Our children have been learning Ju Jitsu since the start of the year and as we head towards the end of their first year, I thought it would be a good idea to look back and evaluate how their year has gone. Are the classes beneficial for them? Is it something that we should continue to finance? It doesn’t make sense to pay for something that isn’t going well or meeting objectives. As I sat down with a pen and my notebook, I wrote down what was going well and the changes I have seen in our children this year. Yes, of course, some changes will just be down to childhood development, but let’s see what else has occurred. Are there benefits of Ju Jitsu for children?
After a few minutes I soon realised that when presented in purple and white (I use pens of all colours when jotting down my notes), that there were many benefits to the children, so we will continue to work extra hours and pinch the budget to continue their classes. In fact, there were too many positive points to share with you in one post, so I will have to share with you again when we hit another evaluation point and I’ll compare to see where we’re at then.
5 Benefits of Ju Jitsu For Children
I have never been overly active due to unmanaged asthma during my school years, and more recently due to a few issues with my health, active sports like kids should have are just not smart for me right now. But my short-comings should not affect the children’s physical or mental health. Ju Jitsu class is always looked forward to and the children enjoy having the space to run around learn new skills. Of course, when they practice at home, they gain additional exercise, too!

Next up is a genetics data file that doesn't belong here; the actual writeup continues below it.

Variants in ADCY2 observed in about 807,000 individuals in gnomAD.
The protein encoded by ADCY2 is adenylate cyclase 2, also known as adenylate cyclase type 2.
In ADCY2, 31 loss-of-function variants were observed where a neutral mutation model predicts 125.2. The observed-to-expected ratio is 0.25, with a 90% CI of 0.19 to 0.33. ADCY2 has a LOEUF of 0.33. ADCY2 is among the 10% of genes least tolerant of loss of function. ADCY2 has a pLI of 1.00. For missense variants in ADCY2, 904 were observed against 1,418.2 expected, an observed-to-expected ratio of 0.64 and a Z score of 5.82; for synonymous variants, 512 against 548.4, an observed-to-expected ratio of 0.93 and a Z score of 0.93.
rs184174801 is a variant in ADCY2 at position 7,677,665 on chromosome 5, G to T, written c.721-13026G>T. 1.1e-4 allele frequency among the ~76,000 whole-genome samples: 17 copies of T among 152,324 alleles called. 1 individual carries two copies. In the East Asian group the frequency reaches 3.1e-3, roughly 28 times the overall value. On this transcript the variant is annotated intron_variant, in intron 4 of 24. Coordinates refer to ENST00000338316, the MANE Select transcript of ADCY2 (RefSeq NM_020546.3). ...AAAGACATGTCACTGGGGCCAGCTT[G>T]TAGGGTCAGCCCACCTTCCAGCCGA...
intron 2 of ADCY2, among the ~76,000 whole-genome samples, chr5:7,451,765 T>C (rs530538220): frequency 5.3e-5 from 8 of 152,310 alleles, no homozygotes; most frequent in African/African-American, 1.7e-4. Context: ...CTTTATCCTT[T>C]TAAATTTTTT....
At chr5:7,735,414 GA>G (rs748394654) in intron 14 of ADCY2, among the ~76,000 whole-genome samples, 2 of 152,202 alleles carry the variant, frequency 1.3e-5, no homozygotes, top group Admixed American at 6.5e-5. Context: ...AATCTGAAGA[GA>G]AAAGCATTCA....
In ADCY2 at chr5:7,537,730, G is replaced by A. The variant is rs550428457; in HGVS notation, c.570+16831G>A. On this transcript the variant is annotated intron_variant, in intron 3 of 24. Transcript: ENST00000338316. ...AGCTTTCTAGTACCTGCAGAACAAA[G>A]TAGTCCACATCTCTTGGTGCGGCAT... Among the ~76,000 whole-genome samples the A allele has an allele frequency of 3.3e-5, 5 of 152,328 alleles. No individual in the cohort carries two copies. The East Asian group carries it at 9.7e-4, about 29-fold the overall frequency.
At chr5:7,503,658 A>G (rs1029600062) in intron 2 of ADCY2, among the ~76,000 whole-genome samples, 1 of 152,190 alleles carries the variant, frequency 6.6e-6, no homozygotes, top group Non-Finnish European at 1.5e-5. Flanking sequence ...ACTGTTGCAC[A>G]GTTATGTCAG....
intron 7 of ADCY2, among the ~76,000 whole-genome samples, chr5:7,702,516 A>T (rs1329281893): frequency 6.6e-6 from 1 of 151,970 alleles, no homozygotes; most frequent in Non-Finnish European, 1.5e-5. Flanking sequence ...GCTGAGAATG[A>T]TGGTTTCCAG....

Tristan had excellent fine motor skills when he was a toddler, and he was even sewing when he was three. However, his gross motor skills have not always been the best. A weak trunk can be a side effect of prematurity so I’d like him to gain some core strength without me always being a nag. The training the kids do in Ju Jitsu: the jumping jacks (which still need some improvement if I’m honest), the scissor kicks, and some of the sparring and grappling all go towards helping in these areas. I’ve watched both children improve their coordination over the past year, and no one there has commented on their lack of it, which is wonderful.
I would like my children to feel confident about themselves and their abilities. In martial arts you learn through experience; you work your way up through skill and experience. You’re not placed in a class based on your age (there are classes for elementary student and separate classes for teens, but regardless, you work through your skills). My son is not athletic, but he has found his niche with Ju Jitsu. He is great at the punches, while my daughter’s favourite move are scissor kicks.
Our children are proud of what they learn in class, and this really showed through when they were tested and were successful in receiving their white belts earlier this year. They were so darn proud of themselves! They couldn’t get over it and had silly smiles on their little glowing faces for days. Tristan took his obi (belt) to bed with him (he kept in holder that hangs from his bunk), and Kallista had me hold onto hers because she didn’t want anything to happen to it.
One of the reasons we chose martial arts over the likes of football (soccer) is that it’s an individual sport and our children can own their skills; they aren’t competing with anyone other than themselves, in reality. There isn’t a ‘star’ of the lineup, nor someone who sits on the bench. Each child has equal opportunity in class, regardless of age, size, background, socio-economic class, race, religion, or beliefs. Each child progresses at their own speed and will not be tested until they are ready. They don’t have to feel that they are behind or being held back. They may be paired up with kids twice their size; but they are equal in skill. It’s a level playing field. They work together as a team to encourage each other to do their best within the group, but ultimately it’s up to each individual to do what they are able to prepare for the next test.
Are your children involved in martial arts? What have you seen them gain through their experience? Let’s have a chat in the comments below!